Saturday, April 12, 2014

Sydney and the Sea Monster by David Elliot

This is the first book I have read by New Zealander author/illustrator David Elliot and I was impressed. It proved to be a superb tool for teaching my students how to write a narrative focusing on character development, conflicts and resolutions. It also affords some nice examples of literary devices such as similes, personification and the deft use of adverbs. My upper primary audience really appreciated the humour in the book, especially the "candles with strange long wicks" which the main character Sydney Penguin discovers in a mysterious box that has been thrown up out of the swell of the sea. The story focuses on this would-be inventor and an Antarctic community of animals who live in constant fear of sealers and whalers. day indeed they do arrive:

Next morning, the monstrous shadow of a sailing ship loomed out of the mist. It bristled with harpoons and cudgels and a feeling of menace. 
A boat was lowered over the side. The terrified animals began to run.

Saturday, April 5, 2014

The Magic Hat by Mem Fox

True to Mem Fox style, quirky and with repeated rhymes designed to get your child to read, this picture book is the full package. It is a funny, dynamic read-aloud book which both entertains and allows for prediction from page to page. The illustrations by Tricia Tusa brings to life both the magic and the unpredictable nature of the marauding hat which flies into town out of the blue. It adorns a toad, a baboon, a kangaroo, a bear and then suddenly its wizardly owner appears...This book is now part of my grandson Archie's collection.

Friday, April 4, 2014

Archie and the Pirates by Marc Rosenthal

The illustrations as well as the title of the book drew me to this publication.  Apart from Archie the ship-wrecked monkey being an ingenious designer and builder, he is also a selfless hero who values his friendships with Clarice the ibis and Beatrice the lonely tiger. The main conflict in this book involves the rescue of his new-found friend Beatrice from Captain Pequod and his band of supposedly fierce but in reality hapless advocates. The sentiments of the importance of having good neighbours is a strong one. The last double page spread is priceless. I really loved this book...and hope my grandson Archie will too. The main characters are pictured below:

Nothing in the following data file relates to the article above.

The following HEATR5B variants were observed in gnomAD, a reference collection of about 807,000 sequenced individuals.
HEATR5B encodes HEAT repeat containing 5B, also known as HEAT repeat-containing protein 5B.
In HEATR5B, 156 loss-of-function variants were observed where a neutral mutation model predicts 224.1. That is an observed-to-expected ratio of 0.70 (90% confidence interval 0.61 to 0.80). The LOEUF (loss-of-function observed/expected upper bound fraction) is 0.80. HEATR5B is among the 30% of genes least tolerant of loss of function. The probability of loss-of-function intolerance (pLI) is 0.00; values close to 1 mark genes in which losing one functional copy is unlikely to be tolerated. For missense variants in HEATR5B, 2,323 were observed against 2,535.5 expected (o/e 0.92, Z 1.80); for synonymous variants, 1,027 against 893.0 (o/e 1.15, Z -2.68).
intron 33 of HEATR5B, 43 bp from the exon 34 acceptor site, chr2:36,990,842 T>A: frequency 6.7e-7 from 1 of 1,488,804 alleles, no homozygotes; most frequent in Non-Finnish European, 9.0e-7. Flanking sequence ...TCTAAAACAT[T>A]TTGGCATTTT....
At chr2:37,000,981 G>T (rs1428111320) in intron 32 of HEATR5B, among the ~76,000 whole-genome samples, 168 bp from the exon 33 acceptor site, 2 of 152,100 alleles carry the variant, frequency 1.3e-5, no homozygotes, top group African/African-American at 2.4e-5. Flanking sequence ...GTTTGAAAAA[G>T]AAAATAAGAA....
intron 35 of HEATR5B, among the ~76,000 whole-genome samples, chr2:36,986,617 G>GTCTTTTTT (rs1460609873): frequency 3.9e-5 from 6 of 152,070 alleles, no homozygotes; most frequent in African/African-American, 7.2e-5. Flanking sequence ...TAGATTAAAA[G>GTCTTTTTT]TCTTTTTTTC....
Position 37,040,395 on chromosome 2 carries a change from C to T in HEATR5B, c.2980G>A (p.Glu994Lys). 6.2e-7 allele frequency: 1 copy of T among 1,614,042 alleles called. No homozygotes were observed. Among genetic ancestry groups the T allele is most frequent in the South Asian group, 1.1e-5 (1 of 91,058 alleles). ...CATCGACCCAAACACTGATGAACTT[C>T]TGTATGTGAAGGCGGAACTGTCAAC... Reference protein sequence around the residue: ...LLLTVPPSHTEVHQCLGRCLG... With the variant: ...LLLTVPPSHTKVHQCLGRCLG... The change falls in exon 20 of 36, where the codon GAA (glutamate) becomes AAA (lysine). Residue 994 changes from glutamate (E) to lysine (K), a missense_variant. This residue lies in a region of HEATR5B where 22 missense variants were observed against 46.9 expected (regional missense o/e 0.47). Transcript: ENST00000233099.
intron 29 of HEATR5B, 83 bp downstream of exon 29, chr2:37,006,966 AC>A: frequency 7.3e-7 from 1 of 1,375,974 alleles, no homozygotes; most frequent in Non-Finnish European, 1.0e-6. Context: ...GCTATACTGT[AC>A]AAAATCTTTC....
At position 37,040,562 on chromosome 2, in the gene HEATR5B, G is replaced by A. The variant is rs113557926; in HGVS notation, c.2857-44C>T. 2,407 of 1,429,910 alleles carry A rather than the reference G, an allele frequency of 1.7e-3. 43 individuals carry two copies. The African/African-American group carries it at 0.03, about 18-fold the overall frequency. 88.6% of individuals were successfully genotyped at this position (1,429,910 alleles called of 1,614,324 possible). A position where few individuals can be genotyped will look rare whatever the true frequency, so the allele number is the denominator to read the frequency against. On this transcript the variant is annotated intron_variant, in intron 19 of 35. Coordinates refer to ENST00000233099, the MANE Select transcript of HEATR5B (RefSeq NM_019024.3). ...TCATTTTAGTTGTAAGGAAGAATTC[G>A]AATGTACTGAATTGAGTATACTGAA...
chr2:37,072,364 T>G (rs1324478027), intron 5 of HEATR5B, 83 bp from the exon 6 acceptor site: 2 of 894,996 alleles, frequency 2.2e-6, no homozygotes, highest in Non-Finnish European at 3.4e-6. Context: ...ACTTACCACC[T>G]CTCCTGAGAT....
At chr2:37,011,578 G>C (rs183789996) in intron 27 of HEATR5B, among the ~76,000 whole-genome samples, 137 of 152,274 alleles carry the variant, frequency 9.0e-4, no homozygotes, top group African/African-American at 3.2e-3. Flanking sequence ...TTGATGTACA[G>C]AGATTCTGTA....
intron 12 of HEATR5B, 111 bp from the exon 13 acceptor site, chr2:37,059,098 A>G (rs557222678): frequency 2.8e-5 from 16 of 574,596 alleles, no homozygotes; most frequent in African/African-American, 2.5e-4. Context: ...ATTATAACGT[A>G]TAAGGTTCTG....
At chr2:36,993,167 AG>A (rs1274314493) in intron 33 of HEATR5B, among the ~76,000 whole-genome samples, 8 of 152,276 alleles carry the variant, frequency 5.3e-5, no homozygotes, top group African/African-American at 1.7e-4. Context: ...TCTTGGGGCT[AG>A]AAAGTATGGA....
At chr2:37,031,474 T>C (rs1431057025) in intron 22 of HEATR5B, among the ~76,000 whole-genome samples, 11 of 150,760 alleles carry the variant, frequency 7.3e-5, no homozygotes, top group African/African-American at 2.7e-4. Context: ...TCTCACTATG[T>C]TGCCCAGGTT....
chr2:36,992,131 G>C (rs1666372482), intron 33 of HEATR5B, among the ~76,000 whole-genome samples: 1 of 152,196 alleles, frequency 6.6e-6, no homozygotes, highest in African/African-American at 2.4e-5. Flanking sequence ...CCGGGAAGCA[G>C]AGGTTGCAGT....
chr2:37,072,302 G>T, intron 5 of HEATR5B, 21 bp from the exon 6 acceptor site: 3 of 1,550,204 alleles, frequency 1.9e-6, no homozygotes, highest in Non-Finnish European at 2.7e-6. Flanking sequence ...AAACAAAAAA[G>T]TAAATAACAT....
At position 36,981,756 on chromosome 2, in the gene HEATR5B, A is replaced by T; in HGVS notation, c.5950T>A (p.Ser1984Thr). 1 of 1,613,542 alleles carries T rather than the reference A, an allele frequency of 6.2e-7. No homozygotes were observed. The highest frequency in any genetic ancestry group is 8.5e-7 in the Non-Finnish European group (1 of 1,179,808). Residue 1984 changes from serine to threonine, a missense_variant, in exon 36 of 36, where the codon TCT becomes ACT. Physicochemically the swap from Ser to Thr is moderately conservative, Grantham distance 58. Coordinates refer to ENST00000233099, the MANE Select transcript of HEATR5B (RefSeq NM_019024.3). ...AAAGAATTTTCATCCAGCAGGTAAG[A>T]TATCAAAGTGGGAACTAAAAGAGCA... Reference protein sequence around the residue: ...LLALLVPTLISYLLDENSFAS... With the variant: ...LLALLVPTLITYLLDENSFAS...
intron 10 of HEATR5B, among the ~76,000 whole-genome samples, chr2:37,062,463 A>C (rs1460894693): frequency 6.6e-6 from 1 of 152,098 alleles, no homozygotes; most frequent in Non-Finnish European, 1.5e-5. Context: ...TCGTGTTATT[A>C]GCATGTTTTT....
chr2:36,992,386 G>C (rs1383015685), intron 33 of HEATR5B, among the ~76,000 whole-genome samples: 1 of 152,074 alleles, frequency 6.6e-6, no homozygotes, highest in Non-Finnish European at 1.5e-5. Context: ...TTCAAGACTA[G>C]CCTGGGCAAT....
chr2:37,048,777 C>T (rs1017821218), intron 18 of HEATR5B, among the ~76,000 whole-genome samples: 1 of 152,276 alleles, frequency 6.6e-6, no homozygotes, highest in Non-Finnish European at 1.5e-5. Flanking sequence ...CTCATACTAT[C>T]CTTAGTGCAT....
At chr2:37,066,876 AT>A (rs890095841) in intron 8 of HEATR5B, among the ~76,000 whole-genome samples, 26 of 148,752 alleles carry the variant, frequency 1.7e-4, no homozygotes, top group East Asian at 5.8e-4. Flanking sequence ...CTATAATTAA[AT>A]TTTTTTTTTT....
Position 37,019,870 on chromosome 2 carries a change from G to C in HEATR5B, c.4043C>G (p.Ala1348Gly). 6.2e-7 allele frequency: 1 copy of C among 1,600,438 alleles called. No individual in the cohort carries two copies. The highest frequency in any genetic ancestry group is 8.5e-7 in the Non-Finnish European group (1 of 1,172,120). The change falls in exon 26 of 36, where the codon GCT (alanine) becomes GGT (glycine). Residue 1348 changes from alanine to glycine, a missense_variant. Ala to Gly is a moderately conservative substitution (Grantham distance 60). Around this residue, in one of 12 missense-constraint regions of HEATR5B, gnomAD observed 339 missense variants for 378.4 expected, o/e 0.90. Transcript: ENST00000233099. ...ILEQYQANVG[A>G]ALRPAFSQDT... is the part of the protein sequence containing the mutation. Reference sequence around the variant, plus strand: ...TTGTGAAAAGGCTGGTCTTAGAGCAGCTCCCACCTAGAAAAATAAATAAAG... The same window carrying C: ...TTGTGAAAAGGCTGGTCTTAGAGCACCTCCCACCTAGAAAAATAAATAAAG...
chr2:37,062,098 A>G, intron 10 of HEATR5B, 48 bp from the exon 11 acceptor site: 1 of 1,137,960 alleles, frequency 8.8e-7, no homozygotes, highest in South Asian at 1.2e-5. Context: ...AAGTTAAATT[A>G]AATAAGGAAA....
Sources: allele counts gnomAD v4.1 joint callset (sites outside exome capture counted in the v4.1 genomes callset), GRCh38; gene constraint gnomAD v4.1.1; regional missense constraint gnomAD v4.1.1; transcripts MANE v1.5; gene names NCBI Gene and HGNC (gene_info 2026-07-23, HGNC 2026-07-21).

Tuesday, April 1, 2014

Archie and Archie by Ruth Rendell

This is the first book, written in 2013, by well known British crime fiction writer Ruth Rendell for younger readers. Archie, the golden cat with golden eyes, and Archie, the quiet King Charles Spaniel, are neighbours and they inhabit a street full of feline friends and foes. When Pearl, Archie's pussy cat house companion dies suddenly Archie takes more notice of the dog Archie who lives next door and also of Gracie the cat next door. And then there is Tess, Rosie,  Boat Cat and White Leg and of course the Bengal cat, Loki. This small book has a huge cast of characters. Whilst this book may well appeal to animal lovers, it is very thin on plot and really much more of a lyrical run down on the personalities of moggies and mutts who happen to live in the same street.